Another fear exaggerated by Hindu extremists is that should Muslims become the majority, Sharia law will be enacted. Now there are two problems with this belief. According to polls, the respect for civil liberties such as the freedom of speech, freedom of religion, and freedom of assembly is practically equal between Hindus and Muslims. Defining sharia is also problematic. A minority of Muslims interpret sharia as the horrible, barbaric rule seen under ISIS or the Taliban while the majority see the U.S. constitution as being the perfect embodiment of sharia law. For Hindu extremists, the only sharia law that exists is that of the Taliban, and should Muslims become a majority (even if it is a slim majority like 50.01%) the Muslims will enact sharia law. Yes obviously, that’s why Muslim majority countries like Turkey, Tunisia, most of the Central Asian republics, and most of the Muslim sub-Saharan countries have sharia (oh wait). Well, that’s why Indonesia, being an Muslim majority country, is a harsh dictatorship, or has freedom house and polity iv scores comparable of that of India. Apparently, Muslims being the majority does not mean there will be sharia law, and having Muslims in the majority does not mean that the country will become a Taliban like dictatorship.

Another fear cited by the Hindu extremists is the higher birth rate among the Muslim population. Indeed Muslims have a higher birth rate than other religious groups in the country, but that is common among economically disadvantaged populations around the world. Indeed as India develops and economic opportunity becomes available to all, the birth rate will drop like everybody else’s. (There’s also a well believed conspiracy going around that Muslims are united trying to trick young, naive girls to fall in love with them and convert, something called a love jihad. Sound ridiculous and unrealistic? Because it is. Here’s a great article about the use of these conspiracies by right wing Hindus to regulate a woman’s body).

A popular crying call by these same Hindu nationalists is to argue that Muslims will gladly cry out against the Israeli’s during the Gaza war, but refuse to call out ISIS or other Islamic terrorist groups that carry out horrendous acts. Of course, this is also a popular belief in western countries who have little to no knowledge of the Middle East, or any Muslim community at all. Indeed all around the world, Muslims, both the elite and the common person, have come out against ISIS. As ISIS began to take over the headlines, Muslim intellectuals from all over India condemned the terrorist group even going so far as to say, “Their brutality is worse than genocide.” For all the commotion about the four Indian Muslims who went to join ISIS (despite the rhetoric by the Hindu extremists, specialists in Islamic terrorism have found that this is the first credible story of Indian Muslims joining the so called global jihad). Yet, there have been more Indian Muslims who have volunteered to go fight against ISIS. The narrative that Indian Muslims only complain when Muslims are being killed is a popular one, but it completely dies in the face of evidence.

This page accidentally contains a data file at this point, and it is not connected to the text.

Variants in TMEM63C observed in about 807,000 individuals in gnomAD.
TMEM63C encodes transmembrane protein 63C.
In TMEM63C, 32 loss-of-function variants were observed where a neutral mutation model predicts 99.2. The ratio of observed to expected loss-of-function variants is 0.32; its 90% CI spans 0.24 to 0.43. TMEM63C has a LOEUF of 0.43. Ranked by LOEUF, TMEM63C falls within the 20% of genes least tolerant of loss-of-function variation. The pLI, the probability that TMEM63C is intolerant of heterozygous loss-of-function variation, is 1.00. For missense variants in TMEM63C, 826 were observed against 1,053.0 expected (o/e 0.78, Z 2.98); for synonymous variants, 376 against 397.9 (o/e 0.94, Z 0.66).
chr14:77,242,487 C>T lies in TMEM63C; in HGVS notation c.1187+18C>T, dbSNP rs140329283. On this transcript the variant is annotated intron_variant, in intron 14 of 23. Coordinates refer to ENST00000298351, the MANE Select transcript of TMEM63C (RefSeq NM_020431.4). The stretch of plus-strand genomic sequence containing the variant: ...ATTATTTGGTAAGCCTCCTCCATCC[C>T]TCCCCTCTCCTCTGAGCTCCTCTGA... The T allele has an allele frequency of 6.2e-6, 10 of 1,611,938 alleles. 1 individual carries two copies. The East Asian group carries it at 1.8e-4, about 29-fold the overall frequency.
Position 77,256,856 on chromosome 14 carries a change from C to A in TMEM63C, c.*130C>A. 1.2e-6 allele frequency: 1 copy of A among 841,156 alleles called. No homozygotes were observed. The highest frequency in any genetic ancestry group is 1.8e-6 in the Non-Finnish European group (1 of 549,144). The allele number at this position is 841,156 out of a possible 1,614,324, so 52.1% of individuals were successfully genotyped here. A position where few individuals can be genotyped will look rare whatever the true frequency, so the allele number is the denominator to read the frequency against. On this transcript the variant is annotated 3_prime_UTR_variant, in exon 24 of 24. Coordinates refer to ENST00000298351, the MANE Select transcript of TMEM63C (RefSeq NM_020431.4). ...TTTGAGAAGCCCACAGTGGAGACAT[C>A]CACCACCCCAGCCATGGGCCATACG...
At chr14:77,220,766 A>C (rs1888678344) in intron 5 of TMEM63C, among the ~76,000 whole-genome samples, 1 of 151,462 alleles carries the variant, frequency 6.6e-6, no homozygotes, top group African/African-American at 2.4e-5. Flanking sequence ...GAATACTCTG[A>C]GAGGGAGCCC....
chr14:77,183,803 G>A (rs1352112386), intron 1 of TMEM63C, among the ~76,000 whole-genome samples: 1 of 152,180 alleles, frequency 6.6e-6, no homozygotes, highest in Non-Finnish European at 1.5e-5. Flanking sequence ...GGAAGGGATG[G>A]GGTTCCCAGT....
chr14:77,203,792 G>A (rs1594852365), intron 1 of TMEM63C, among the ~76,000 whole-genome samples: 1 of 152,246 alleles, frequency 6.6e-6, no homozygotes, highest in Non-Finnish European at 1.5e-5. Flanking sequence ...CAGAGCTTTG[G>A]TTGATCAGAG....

Finally, there is the idea of the Muslim vote bank, or the idea that Muslims all vote for Muslim only candidates or parties as a cohesive block. This myth has been disproven by the previous election and other analysts . But accusing a rival candidate of only caring about the minority and not the majority is a common electoral tactic used by political parties.

To fight any form of extremism, battling the narratives is needed. Communal harmony is necessary for any nation to advance. In future posts, I will also try to examine some of the talking points for other types of extremist groups.

On that ISIS Conspiracy

Maybe Archer created ISIS. From Reddit 

An unfortunate trend has been sweeping social media the last several weeks. This particularly popular conspiracy has been claiming that ISIS is actually a creation of the CIA and Mossad, with Abu Bakr al Baghdadi being an Israeli Mossad agent. Just a small amount of knowledge about international security can tell you that this whole “theory” is fictitious.

This conspiracy has two different origin points. The first alleges that Edward Snowden released documents that detailed the CIA’s and Mossad’s complicity in the creation of ISIS. This by itself should be a signal to people that this theory is completely false. As Time reported, this variation comes from an Iranian newspaper who has attempted to claim that ISIS is a U.S.-Israeli plot to destabilize the Middle East (for an in depth forensic analysis of how this conspiracy has spread, read this fantastic post by Alan Kurtz.) Another variation of this is that in Hillary Clinton admitted that the U.S. created ISIS.

The second variation is easier to disprove by simply reading the book (hint: it’s not there). So let us focus on the Edward Snowden conspiracy. Upon reading, it should be clear to any knowledgeable person of international affairs that this is a fake. Of course there were no documents released by Snowden claiming that the CIA/Mossad had created ISIS. All of the documents that had been released by Snowden has discussed what the NSA had done, not the CIA. All the documents released by Snowden, because they relate to the NSA, all deal with electronic or signal intelligence.